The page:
Healing our wounds through story-telling

 The keynote address delivered on November 27, 2015, at the Vodacom Journalism Awards 2015, Johannesburg

By Zubeida Jaffer

All the finalists in this room here tonight are winners. You have come from all over the country and have already made your mark. Before the final selections are announced, I want to congratulate all of you. For our profession to grow, we need a percentage of the journalist corps to strive for excellence in order to pull the rest forward. Some social scientists argue that you need as little as ten percent of a group to push beyond their limits to influence a broader group and effect change. Others say 25 percent.

Whatever the percentages are, we know that it does not require many people in any institution to continue to break ceilings that curb progress.  Many of you in this room, including the Judges of these awards, the Vodacom Executives and the Finalists in this competition are together engaged in pushing the boundaries to ensure higher levels of excellence.

The steady improvement of skill is one of the most urgent and pressing problems facing our country. If each of us commit to improve our skills every year, the country in itself will move up a notch in having citizens who are more able and capable of executing their tasks efficiently and effectively.

We do however need clear direction, clear leadership, a clear commitment to such a path and a determination to stay the course.

Illustrated in this room tonight is such clarity of purpose and I wish to commend all of you. Thank you.

Countries that succeed are those who build credible institutions and have skilled people. Several of our institutions such as the Ombudsman’s office are under severe economic pressure. Time does not allow me tonight to dwell on this challenge. Instead I want to share my thoughts on healing through storytelling.

The more developed our skills are the more we can use our knowledge to weave our stories to craft narratives that are genuine and touches the hearts of our people.

We have to ask ourselves the question whether we are doing enough to develop and retain skills in this sector?

Does the media industry create conditions to support their most valuable assets or do they work them to the bone and then spit them out?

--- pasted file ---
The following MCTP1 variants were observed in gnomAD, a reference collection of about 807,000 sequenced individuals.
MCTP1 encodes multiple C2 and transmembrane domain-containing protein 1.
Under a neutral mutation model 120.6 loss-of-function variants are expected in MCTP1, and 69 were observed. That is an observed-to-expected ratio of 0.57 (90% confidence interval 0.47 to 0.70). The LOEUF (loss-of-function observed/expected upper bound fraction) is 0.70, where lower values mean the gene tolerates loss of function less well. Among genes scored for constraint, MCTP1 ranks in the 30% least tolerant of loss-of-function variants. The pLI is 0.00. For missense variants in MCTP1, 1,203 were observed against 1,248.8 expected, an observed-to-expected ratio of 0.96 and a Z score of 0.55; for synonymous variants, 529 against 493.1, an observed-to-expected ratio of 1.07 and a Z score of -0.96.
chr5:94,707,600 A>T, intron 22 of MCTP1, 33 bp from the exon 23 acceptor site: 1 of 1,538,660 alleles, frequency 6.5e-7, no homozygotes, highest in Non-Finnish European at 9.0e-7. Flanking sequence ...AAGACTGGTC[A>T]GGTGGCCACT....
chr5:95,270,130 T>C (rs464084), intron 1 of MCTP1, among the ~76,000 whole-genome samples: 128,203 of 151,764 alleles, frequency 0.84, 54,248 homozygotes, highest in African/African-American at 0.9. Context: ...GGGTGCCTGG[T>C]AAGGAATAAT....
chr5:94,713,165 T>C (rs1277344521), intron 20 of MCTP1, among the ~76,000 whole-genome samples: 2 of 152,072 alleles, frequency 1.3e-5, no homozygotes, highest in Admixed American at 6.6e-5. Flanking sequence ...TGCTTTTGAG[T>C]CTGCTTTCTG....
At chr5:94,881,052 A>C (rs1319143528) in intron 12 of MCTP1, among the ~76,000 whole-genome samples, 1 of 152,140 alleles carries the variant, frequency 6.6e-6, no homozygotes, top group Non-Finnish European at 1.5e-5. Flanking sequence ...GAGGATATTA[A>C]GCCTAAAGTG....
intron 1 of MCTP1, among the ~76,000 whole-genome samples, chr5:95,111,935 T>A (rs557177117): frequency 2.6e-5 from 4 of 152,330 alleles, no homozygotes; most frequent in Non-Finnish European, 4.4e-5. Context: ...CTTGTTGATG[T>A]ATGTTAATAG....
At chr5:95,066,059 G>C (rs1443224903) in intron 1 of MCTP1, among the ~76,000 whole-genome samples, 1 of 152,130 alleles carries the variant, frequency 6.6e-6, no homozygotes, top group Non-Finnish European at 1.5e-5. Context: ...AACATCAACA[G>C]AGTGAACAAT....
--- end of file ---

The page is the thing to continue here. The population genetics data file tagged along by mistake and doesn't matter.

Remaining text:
How is it possible that a company can retrench its workers, cut back on tea and coffee for their staff at the same time when its CEO walks off with millions?

The time has come to keep a tight watch on inequality and unfairness at all our media companies.

All of you have to organize yourselves and make sure that you are placed on a path that will grow your skill so that you can be masters of your craft. We cannot be working ourselves silly for the purpose of profits to be repatriated to other countries or for the benefit of a few individuals. In the end, we are the storytellers of our country. We help shape the context of joy and sorrow of all our people. We interpret events to millions who rely on us to make sense of their shattering experiences. We record events that will eventually be the foundations of our historical records. We must assert our right to fulfill our role with dignity and on our own terms.

And we must strive to reproduce our knowledge so that all South Africans can be fully informed. I have spent the last two and a half years going through journalistic records stretching from 1870 to 1939. If it were not for Sol Plaatje and his contemporaries, I would not have been able to piece together the life story of Charlotte Mannya Maxeke, our first black female graduate. They were the pioneers of journalism in South Africa and their reports in newspapers such as Abantu Batho and Umteteli Wa Bantu left behind the detail of significant events at that time.

It was a painful process piecing together Charlotte’s life because I could not interview any of her contemporaries. They, like her, were all passed on.